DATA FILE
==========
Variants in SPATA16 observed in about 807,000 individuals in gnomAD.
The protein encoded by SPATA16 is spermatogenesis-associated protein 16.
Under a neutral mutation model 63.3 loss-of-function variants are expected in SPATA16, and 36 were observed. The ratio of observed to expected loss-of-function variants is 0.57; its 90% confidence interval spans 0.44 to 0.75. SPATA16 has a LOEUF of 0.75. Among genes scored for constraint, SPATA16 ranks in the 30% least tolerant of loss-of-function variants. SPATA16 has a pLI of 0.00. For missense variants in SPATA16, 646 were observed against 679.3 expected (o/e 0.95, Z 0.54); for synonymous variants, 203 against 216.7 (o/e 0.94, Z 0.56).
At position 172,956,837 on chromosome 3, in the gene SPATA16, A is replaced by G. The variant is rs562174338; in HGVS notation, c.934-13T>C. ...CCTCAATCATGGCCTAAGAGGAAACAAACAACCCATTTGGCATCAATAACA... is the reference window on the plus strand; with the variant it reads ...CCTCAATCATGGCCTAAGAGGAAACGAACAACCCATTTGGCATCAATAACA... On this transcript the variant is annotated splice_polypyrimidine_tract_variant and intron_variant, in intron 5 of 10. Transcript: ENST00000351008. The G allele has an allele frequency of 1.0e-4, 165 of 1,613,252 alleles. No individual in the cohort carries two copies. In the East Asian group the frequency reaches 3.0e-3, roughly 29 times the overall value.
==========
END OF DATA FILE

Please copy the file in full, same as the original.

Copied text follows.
Variants in SPATA16 observed in about 807,000 individuals in gnomAD.
The protein encoded by SPATA16 is spermatogenesis-associated protein 16.
Under a neutral mutation model 63.3 loss-of-function variants are expected in SPATA16, and 36 were observed. The ratio of observed to expected loss-of-function variants is 0.57; its 90% confidence interval spans 0.44 to 0.75. SPATA16 has a LOEUF of 0.75. Among genes scored for constraint, SPATA16 ranks in the 30% least tolerant of loss-of-function variants. SPATA16 has a pLI of 0.00. For missense variants in SPATA16, 646 were observed against 679.3 expected (o/e 0.95, Z 0.54); for synonymous variants, 203 against 216.7 (o/e 0.94, Z 0.56).
At position 172,956,837 on chromosome 3, in the gene SPATA16, A is replaced by G. The variant is rs562174338; in HGVS notation, c.934-13T>C. ...CCTCAATCATGGCCTAAGAGGAAACAAACAACCCATTTGGCATCAATAACA... is the reference window on the plus strand; with the variant it reads ...CCTCAATCATGGCCTAAGAGGAAACGAACAACCCATTTGGCATCAATAACA... On this transcript the variant is annotated splice_polypyrimidine_tract_variant and intron_variant, in intron 5 of 10. Transcript: ENST00000351008. The G allele has an allele frequency of 1.0e-4, 165 of 1,613,252 alleles. No individual in the cohort carries two copies. In the East Asian group the frequency reaches 3.0e-3, roughly 29 times the overall value.